Nur Du (Only You), Barbican Theatre, London
Monday 11 June 2012
Reclining over the backs of a line of men, a glamorous blonde coos at the audience. “Do you know,” she says, giggling, “under these clothes, I’m absolutely naked.” In fact, the characters of Pina Bausch’s Nur Du could have almost anything under their clothes, up to and including tiny white mice in a man’s makeshift plastic bra.
Nur Du is one of the World Cities series of Bausch works inspired by major cities. It was created in 1996, after the German choreographer and her Tanztheater Wuppertal made a stay in Los Angeles. The frills and sunshine of Hollywood aren’t an obvious match for Bausch’s intense, often anguished dance theatre, but they seem to have had a good time.
Bausch characters are often obsessed with their own bodies, neurotically primping or exposing themselves. The surprise is that in Nur Du they’re enjoying it. One woman, bundled up in a long coat, keeps stopping to take off her knickers, giggling with delight at her own naughtiness. She stumbles on, still laughing, then takes off another pair, and another.
A man comes on with a wheelie bin, taking off items of clothing and popping them inside. By the time he’s naked, he stays safely behind the bin, but it’s more like teasing than modesty. It’s also very funny. As ever with Bausch, there are surreal encounters and moments of social awkwardness. Nur Du floats along, the pace brisk.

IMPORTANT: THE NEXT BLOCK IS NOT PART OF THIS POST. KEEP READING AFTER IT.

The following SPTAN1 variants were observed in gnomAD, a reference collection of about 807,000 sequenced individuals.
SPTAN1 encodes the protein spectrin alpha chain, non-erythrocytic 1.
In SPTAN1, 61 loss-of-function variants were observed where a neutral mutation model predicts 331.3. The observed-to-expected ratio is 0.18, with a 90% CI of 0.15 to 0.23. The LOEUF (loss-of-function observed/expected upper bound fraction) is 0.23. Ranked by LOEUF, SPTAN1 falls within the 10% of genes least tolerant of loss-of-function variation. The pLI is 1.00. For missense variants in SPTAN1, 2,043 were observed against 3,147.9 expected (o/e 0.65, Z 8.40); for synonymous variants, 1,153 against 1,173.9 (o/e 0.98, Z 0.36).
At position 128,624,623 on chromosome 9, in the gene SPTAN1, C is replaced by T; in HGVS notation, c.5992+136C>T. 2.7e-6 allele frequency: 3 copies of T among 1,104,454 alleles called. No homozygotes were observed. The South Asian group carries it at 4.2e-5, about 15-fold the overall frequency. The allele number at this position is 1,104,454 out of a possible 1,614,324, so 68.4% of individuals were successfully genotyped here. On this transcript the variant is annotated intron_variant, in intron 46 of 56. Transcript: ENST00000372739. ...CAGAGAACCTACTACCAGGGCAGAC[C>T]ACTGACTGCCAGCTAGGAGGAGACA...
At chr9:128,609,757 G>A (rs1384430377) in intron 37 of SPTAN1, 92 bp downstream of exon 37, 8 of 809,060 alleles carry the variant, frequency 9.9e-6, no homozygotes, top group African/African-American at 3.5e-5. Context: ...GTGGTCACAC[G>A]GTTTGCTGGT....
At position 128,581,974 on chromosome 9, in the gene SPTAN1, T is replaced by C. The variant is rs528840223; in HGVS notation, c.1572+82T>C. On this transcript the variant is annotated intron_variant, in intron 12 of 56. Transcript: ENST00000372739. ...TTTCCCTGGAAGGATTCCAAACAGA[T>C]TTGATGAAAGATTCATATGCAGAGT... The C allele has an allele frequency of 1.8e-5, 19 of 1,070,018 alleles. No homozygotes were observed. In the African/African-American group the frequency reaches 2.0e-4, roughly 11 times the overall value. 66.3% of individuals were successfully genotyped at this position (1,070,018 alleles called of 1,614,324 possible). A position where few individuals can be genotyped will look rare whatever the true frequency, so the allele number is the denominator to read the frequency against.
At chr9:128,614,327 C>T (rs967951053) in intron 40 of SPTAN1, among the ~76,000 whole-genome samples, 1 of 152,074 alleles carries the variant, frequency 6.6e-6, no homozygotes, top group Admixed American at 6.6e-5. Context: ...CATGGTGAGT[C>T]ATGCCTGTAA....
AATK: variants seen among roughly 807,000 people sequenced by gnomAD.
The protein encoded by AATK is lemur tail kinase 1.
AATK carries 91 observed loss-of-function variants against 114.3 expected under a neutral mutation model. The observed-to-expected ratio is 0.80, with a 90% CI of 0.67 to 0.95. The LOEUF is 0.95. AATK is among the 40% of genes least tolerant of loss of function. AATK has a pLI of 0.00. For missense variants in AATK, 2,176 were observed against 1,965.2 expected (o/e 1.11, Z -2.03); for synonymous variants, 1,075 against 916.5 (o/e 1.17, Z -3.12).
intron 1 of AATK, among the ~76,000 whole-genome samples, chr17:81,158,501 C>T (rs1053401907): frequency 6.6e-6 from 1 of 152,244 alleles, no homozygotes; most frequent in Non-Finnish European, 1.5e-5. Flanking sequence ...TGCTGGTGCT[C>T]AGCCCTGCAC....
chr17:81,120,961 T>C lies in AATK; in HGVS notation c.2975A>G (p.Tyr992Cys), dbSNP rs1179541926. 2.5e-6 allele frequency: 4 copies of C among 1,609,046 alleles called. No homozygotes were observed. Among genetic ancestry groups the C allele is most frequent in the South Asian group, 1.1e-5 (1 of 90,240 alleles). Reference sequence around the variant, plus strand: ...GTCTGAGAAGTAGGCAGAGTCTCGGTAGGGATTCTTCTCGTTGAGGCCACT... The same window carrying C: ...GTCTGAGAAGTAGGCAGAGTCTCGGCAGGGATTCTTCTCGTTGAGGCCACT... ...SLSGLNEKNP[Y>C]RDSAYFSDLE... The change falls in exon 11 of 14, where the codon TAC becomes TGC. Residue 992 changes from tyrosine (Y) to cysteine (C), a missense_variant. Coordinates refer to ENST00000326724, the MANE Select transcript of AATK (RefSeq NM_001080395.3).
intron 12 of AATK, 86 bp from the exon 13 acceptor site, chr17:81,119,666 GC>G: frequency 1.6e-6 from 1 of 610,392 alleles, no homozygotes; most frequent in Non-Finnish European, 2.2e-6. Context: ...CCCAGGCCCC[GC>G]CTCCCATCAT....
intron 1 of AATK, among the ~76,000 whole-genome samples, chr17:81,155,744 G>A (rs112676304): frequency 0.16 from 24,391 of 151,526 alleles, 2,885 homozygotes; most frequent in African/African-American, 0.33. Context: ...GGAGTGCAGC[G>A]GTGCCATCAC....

Dominique Mercy, a longtime Bausch performer who became co-director of the Wuppertal company after her death in 2009, sails through in drag. He quotes famous lines about Hollywood: “Include me out”, “They shoot too many pictures and not enough actors”. He makes a serene diva, a contented ego.
There’s even a moment when they do the show right there. A bossy rehearsal director orders through a jazz routine. Stripped to their underwear, barefoot or in heels, the dancers follow his movements, picking up the steps, getting more and more confident as they go.
The second half is dominated by solos, with more pure dance. It’s less striking than the physical theatre scenes, where dancers wrestle with props, themselves and each other. They climb inside large plastic bags to bathe, or dance along to 1950s pop or South American dance music. One man pulls a large clear bag over his head, puts on goggles and fills the bag with water. His submerged face looks impossibly swollen, while the rest of him stays comfortably dry.
World Cities 2012 season runs until 9 July. Box office 020 7638 8891
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